NSA leaker Edward Snowden has been granted asylum in Russia and has left the airport in Moscow in which he'd been staying.
For weeks, Snowden had been stuck in transit after an international game of hot potato left the wanted man with no country to call home. Several nations had openly considered, denied, offered and rescinded, or otherwise hedged on asylum for the fugitive leaker.
According to the Washington Post, Edward Snowden may now have a lengthy reprieve from facing any music in the US. The Wikileaks ally will be allowed a lengthy stay in Russia, one that could turn permanent under conditions that were not disclosed:
"Anatoly Kucherena, an attorney for Snowden, said documents were issued Thursday allowing Snowden to live and work in Russia for up to one year while his application for permanent political asylum is pending. Snowden, 30, had been stranded in Russia's Sheremetyevo Airport for more than five weeks."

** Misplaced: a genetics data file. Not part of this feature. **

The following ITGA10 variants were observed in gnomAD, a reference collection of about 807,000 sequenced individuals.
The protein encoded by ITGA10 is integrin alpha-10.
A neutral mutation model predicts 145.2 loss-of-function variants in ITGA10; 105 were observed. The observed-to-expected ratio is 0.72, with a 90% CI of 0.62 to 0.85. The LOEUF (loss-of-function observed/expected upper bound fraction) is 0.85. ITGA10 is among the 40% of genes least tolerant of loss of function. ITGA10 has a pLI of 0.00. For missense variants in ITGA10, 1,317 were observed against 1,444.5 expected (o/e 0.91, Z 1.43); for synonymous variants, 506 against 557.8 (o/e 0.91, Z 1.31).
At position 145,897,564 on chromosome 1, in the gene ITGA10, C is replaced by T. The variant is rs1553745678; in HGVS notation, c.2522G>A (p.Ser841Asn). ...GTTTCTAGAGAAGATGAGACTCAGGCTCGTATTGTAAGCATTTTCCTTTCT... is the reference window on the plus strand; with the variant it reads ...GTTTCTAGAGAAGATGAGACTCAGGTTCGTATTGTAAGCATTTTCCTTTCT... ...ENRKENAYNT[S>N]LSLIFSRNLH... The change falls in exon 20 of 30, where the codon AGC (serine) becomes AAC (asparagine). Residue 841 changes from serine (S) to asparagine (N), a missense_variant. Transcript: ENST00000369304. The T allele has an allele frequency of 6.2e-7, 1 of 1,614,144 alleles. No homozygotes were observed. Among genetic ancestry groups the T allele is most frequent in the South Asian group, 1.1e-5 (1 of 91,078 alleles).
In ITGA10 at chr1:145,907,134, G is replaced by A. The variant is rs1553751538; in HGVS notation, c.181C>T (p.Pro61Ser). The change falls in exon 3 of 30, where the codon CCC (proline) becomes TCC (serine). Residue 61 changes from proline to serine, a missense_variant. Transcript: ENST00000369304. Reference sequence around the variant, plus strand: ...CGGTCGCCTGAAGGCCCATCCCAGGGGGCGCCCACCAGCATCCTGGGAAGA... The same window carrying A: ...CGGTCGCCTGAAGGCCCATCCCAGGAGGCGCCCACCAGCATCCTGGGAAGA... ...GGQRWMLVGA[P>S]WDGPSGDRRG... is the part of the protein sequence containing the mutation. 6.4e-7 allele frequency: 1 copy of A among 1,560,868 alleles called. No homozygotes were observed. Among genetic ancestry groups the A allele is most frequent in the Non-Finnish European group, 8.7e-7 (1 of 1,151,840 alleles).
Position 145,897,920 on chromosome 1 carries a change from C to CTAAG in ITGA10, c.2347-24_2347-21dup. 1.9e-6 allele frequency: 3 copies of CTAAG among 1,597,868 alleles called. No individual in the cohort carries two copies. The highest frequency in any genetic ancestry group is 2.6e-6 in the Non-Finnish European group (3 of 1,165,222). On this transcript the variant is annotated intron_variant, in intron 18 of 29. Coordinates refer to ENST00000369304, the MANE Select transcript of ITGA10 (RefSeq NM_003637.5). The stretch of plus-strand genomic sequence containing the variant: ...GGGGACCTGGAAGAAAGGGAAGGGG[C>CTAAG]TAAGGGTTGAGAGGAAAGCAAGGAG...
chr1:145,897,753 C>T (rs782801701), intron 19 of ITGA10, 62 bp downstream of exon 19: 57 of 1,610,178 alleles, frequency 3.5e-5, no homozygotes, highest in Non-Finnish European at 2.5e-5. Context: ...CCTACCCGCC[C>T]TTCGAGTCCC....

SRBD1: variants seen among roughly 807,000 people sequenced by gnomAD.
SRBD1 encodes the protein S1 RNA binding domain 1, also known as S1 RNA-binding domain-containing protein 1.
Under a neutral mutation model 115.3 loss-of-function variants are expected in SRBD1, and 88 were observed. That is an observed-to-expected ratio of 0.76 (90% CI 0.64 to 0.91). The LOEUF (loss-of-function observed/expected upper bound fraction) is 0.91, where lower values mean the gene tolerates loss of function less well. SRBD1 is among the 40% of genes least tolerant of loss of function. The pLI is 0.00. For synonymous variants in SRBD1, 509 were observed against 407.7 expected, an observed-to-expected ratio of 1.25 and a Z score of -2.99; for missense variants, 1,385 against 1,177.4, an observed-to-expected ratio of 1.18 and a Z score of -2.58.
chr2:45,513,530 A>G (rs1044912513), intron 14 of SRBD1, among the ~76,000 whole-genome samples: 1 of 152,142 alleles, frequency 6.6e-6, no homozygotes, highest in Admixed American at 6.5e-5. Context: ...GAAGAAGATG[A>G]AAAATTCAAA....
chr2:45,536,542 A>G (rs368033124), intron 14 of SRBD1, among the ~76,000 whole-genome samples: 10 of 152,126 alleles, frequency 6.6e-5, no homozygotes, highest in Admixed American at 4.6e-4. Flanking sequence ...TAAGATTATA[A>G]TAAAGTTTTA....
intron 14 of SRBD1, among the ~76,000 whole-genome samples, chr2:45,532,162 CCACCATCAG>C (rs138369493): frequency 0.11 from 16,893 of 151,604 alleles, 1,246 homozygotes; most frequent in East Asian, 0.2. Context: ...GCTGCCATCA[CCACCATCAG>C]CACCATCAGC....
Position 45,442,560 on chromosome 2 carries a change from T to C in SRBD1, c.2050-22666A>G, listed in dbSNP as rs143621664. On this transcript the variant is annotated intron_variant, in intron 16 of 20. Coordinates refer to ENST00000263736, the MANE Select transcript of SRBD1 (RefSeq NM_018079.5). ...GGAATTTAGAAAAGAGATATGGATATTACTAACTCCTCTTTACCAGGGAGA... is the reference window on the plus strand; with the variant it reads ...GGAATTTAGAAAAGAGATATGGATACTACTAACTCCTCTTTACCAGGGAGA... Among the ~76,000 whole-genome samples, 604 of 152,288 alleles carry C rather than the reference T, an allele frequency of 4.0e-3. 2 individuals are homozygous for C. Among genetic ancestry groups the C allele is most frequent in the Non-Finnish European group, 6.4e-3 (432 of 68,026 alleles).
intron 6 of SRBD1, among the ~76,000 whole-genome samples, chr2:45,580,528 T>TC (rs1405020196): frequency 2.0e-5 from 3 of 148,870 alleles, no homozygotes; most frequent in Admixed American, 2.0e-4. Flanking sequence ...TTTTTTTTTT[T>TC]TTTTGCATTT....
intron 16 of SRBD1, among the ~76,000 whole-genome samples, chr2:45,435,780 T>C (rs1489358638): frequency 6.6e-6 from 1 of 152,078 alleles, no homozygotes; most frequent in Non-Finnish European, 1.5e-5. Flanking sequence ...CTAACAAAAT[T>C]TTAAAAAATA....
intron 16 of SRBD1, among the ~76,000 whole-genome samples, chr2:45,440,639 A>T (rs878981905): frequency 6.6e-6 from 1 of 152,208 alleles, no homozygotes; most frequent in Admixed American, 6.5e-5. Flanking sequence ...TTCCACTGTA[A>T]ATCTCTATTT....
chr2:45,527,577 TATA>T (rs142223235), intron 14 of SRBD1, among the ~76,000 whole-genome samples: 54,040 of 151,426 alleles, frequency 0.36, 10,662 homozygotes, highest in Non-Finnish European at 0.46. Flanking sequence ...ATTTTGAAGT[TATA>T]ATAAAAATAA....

Preparations are underway to arrange a meeting between Edward Snowden and dad Lon, who has both encouraged his son to return to the US, urged US authorities to view his son as a controversial patriot, and expressed concern that the government in the States would not be fair to the man who admitted exposing the entire NSA spying program.
The elder Snowden said:
"If he comes back to the United States, he is going to be treated horribly... He is going to be thrown into a hole. He is not going to be allowed to speak."
Lon Snowden is likely in part basing his stance on the treatment of fellow leaker Bradley Manning, who was held for years without charges before his recent trial.
United States Secretary of State John F. Kerry condemned Russia's tolerance of Snowden in their transit zone in June, saying:
"There are standards of behavior between sovereign nations. There is common law. There is respect for rule of law."
Vladimir Putin has in the past said Edward Snowden could be considered for asylum in Russia, on the condition he not do anything else to potentially harm US national security.